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  10. HI Mabel! It’s great to meet you & find your blog! As someone who is still struggling to find that perfect compromise between Chinese values and Western mindsets, I completely understand the transition you make in everyday situations. I look forward to reading posts on your blog and engaging in discussions on multiculturalism and diversity 🙂

    ~Jade

    P.S. I’m also Chinese-Malaysian!

    Liked by 1 person

    • It really is so hard to find a compromise between Chinese and Western values… I guess people will talk and judge but at the end of the day, our lives is ours to live. Amazing you are Chinese-Malaysian too! So glad to have connected with you 🙂

      Liked by 1 person

  11. Hi Mabel! So lovely to meet you! Thanks again for visiting my blog earlier today. 🙂 What a fun photo you have of Link trying to pick up a fight with you. 😉 I look forward discovering and reading your blog! We seem to have a lot in common, apart from all things art – and here I include writing as well – I´m also very interested in multiculturalism. Have a happy weekend! 🙂 ❤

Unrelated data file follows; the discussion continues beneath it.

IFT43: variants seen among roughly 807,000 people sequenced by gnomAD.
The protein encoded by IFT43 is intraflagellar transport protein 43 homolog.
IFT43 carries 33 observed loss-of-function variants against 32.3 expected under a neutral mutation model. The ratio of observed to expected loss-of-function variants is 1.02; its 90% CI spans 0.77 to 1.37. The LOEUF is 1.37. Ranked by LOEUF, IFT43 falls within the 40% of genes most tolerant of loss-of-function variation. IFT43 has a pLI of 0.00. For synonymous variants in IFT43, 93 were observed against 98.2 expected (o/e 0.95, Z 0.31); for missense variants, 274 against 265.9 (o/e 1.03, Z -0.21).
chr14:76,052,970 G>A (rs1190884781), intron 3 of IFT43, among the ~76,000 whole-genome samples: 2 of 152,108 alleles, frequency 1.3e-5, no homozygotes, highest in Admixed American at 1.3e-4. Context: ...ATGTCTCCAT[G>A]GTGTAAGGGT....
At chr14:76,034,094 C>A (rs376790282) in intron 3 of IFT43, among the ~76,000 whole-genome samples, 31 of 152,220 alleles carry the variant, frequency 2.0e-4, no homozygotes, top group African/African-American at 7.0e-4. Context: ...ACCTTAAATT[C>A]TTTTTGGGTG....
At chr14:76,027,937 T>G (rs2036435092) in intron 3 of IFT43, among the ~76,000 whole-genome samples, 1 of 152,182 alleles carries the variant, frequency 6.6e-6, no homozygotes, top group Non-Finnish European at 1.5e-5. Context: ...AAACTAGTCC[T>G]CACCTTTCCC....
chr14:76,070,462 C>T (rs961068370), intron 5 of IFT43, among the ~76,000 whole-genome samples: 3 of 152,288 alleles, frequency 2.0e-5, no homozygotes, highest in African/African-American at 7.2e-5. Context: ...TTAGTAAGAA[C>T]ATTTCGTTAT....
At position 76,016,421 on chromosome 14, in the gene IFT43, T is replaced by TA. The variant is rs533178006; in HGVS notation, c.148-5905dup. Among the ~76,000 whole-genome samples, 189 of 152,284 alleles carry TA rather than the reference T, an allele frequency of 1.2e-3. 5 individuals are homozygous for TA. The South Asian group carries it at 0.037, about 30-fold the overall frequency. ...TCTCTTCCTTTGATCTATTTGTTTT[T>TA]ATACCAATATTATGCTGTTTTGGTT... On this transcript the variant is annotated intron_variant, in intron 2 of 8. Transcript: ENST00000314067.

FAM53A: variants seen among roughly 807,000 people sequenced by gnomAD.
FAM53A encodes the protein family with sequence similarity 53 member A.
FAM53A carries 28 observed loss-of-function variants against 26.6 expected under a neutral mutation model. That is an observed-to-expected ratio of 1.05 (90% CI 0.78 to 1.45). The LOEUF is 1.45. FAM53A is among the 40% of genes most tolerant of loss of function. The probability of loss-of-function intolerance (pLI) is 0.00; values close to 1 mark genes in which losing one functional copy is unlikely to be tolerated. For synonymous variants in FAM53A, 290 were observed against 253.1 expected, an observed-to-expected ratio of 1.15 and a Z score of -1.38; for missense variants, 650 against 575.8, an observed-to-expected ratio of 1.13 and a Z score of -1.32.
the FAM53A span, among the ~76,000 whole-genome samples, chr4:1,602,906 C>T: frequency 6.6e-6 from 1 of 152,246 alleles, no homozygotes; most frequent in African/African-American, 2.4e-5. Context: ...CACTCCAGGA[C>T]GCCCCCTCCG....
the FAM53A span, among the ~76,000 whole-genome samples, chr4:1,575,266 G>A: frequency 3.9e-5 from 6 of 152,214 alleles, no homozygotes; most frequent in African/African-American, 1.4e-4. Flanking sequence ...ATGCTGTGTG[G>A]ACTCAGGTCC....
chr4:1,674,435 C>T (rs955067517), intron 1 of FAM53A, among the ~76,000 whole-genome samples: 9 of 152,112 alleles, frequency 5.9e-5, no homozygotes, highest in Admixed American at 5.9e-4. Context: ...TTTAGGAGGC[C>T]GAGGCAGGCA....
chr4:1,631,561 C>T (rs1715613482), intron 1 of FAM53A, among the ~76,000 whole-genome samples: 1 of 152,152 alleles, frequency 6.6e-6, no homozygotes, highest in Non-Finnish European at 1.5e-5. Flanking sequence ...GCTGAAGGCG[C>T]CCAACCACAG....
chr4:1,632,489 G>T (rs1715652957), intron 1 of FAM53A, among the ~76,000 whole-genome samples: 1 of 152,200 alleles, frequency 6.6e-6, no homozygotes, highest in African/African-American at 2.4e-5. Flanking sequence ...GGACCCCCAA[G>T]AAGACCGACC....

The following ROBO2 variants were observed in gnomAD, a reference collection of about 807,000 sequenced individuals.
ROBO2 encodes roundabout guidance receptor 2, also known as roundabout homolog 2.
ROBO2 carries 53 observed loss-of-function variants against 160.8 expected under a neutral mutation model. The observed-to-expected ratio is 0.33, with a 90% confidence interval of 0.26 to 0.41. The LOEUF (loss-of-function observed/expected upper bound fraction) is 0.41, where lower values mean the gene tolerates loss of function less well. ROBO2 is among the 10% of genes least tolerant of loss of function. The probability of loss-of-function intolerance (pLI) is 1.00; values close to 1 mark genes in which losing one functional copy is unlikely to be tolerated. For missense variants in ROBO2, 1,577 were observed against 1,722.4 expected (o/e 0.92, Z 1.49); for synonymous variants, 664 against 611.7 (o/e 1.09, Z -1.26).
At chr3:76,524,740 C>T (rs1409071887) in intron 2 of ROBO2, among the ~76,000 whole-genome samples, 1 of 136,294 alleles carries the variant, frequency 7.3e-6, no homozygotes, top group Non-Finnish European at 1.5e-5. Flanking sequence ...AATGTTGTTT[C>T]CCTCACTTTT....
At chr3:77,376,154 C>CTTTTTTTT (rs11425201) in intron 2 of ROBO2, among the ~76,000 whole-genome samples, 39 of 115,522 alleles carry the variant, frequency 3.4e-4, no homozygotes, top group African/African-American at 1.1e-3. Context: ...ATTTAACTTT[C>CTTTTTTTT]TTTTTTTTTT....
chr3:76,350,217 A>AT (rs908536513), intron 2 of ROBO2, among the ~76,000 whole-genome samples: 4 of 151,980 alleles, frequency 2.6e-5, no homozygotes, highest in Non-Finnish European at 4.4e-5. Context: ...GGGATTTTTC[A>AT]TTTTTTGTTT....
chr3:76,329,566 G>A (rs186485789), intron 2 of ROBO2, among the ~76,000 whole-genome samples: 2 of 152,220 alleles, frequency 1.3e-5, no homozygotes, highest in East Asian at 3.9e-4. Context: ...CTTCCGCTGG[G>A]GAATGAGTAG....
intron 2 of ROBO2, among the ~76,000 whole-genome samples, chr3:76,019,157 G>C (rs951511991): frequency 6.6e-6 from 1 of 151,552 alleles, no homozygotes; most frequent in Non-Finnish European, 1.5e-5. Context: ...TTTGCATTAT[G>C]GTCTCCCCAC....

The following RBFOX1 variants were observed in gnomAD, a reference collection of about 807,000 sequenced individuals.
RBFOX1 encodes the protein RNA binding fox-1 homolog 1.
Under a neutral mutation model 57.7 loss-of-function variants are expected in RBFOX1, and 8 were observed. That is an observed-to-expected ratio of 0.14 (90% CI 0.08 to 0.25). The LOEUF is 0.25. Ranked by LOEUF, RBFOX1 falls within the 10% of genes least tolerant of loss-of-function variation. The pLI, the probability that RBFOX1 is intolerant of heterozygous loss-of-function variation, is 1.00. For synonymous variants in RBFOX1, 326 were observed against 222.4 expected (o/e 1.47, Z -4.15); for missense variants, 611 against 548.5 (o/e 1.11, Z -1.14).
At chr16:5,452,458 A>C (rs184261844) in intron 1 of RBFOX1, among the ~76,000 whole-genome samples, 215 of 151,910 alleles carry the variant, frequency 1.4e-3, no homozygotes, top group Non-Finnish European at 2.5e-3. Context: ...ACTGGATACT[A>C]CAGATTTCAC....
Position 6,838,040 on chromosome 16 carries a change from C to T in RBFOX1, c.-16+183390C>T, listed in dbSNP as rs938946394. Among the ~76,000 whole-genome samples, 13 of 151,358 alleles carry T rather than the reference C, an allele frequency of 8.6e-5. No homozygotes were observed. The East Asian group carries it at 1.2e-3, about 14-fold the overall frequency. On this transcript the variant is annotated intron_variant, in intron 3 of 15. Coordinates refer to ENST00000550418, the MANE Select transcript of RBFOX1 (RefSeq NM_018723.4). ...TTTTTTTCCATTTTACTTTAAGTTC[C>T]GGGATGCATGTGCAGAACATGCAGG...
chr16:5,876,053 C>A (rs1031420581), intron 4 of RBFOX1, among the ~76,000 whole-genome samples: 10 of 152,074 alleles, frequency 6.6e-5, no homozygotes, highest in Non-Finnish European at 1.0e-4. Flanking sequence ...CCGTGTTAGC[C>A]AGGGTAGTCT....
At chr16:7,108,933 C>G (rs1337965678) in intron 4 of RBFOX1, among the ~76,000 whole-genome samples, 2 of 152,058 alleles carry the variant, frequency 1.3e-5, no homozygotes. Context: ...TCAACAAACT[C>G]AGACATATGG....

Liked by 1 person

  12. I love the charming drawing on your banner and pleased that you commented on my blog yesterday. Now, I’m commenting on yours.

    There is much to admire here, including the fact that you embrace diversity. Again, thank you, Mabel!

    Liked by 1 person

    • Thank you very much, Marian. The header was designed by a wonderful artist called Anna/Pinodesk 🙂 So lovely of you to stop by here, Marian. You are very kind and hope you have a wonderful day!

      Like